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Phillyman

Nintendo World Championships Golden Mario Up For Sale!

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Way back in 1990, Thor Aackerlund saw off all challengers to secure the Nintendo World Championships in the 12-17 category. Now, over twenty years later, he's selling his one of a kind trophy on eBay for an eye-watering $300,000.

Just in case you're thinking that figure is a little high, it should also be noted that included in the auction is the actual controller Aackerlund used to win the contest.

Still not convinced? Well allow the man himself to explain why these items are so darn collectable:

The NWC (Nintendo World Championship) contest stands easily as the largest video game contest in history, filling the largest convention halls in cities from coast to coast. It went on for 9 long months traveling the country before culminating at Universal Studios in Hollywood, California. At the finals the grand prize was a car, a TV, a savings bond, and the golden Mario statue itself. The various Nintendo World Championship memorabilia has attracted a lot of attention over the years, continually becoming more sought after as the pinnacle not just of NES collecting, but in the entire game collecting and media communities.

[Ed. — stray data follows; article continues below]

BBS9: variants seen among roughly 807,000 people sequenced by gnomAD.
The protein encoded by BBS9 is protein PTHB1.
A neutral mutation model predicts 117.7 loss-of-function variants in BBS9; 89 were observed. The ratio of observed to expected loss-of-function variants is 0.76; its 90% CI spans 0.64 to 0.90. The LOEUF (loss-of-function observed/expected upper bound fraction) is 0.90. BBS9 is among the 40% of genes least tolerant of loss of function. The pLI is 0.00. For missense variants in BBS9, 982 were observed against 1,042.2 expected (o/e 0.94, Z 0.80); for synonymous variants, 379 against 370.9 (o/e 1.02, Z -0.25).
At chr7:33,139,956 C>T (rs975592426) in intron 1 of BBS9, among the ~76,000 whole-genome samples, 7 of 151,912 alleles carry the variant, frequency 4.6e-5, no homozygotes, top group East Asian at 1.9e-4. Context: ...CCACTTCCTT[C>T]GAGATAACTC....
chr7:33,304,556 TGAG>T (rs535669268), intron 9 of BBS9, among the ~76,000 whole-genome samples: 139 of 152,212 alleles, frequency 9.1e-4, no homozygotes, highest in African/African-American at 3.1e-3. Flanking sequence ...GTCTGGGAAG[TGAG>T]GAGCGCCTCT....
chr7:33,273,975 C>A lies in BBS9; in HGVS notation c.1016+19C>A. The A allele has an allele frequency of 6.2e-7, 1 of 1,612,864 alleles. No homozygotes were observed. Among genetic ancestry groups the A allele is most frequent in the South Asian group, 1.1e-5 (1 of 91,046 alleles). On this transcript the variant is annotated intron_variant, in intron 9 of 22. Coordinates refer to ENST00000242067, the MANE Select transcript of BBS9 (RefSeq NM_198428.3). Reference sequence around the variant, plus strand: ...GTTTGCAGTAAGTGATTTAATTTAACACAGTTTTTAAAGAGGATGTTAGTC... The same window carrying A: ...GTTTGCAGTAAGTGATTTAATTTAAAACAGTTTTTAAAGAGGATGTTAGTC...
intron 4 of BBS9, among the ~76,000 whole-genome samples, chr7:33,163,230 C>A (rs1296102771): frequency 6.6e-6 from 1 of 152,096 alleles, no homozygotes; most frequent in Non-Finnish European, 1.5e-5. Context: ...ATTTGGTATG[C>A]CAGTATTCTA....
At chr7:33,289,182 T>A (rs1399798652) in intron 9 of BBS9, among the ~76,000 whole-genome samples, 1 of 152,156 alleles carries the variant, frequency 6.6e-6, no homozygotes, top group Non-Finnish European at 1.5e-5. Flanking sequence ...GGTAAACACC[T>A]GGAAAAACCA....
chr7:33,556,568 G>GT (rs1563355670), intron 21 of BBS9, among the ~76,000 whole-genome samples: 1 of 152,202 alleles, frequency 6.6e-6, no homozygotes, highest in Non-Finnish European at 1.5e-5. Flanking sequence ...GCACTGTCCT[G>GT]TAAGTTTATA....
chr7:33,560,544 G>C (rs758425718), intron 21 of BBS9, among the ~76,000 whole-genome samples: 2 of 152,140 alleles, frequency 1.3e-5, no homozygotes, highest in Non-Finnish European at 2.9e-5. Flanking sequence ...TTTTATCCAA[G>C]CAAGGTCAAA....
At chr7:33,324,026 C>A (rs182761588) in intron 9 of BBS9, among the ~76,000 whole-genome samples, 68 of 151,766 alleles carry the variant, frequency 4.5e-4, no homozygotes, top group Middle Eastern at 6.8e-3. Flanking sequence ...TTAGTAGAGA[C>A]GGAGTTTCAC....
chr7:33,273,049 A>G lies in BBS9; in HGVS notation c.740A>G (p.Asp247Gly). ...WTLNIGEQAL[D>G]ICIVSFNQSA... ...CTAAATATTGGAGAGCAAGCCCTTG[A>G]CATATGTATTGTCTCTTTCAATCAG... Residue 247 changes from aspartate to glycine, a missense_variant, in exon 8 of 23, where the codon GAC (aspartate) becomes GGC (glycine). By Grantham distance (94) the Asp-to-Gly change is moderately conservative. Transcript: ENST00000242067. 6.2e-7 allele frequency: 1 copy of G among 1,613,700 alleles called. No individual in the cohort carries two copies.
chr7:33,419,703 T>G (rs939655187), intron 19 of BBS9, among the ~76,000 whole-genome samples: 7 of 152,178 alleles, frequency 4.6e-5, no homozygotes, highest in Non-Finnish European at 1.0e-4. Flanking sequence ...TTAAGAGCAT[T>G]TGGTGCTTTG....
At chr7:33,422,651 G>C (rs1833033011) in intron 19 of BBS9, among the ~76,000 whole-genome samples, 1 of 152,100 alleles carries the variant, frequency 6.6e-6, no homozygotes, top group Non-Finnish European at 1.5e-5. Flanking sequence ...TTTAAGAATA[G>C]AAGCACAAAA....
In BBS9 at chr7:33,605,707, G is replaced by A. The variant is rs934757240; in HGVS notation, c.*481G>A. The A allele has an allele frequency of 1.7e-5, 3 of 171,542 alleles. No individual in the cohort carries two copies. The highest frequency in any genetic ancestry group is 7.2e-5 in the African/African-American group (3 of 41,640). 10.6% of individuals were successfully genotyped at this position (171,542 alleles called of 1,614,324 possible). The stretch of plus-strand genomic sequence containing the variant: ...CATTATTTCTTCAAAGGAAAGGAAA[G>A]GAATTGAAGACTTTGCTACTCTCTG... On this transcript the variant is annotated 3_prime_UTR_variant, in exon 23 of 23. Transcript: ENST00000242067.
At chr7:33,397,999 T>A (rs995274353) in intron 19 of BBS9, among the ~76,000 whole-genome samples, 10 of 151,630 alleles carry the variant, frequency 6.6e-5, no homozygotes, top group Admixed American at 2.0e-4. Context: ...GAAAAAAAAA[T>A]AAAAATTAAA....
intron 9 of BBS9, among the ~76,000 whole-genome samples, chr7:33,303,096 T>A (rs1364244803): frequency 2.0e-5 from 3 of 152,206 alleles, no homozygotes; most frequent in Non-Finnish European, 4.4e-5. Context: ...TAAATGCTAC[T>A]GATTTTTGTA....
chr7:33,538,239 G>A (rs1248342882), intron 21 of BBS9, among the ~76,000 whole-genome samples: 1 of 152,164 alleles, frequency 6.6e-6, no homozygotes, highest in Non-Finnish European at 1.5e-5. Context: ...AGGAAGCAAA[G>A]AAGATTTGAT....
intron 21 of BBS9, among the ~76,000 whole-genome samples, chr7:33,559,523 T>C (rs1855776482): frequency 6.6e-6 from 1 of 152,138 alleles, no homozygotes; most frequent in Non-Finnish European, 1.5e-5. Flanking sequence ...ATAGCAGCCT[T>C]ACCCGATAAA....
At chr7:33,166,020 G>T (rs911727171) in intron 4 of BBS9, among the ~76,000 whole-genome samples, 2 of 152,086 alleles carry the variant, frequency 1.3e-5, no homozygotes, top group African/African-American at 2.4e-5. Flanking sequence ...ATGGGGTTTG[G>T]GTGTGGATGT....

The gold Mario itself is the rarest and highest-profile of the NWC collectibles. There were a little over two dozen Gold NWC carts given away through the random Nintendo Power drawing. Perhaps half of the NWC grey carts, of which 90 were given away, have surfaced over the years. Of the Mario statues, there are three second-place silver ones for the runner-ups in three age categories, and three gold, one for each of the three age categories. I won the final run-off with the 11-and-under and 18-and-up winners and can hold the 12-17 gold overall trophy as the highest award in any organized game contest. None of the other Mario trophies have surfaced, and the grand prize trophy itself is definitely one of a kind.

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Dang that thing is ugly. Couldn't they do better? And I don't think it's worth that much to someone who didn't actually win it.

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I can understand why he'd sell it with such a price. But, like DPsx7 said... it really isn't worth that much to someone who didn't work for it or anything. Seems a little excessive. Then again, I suppose some over-zealous collectors with money to spare might grab that.

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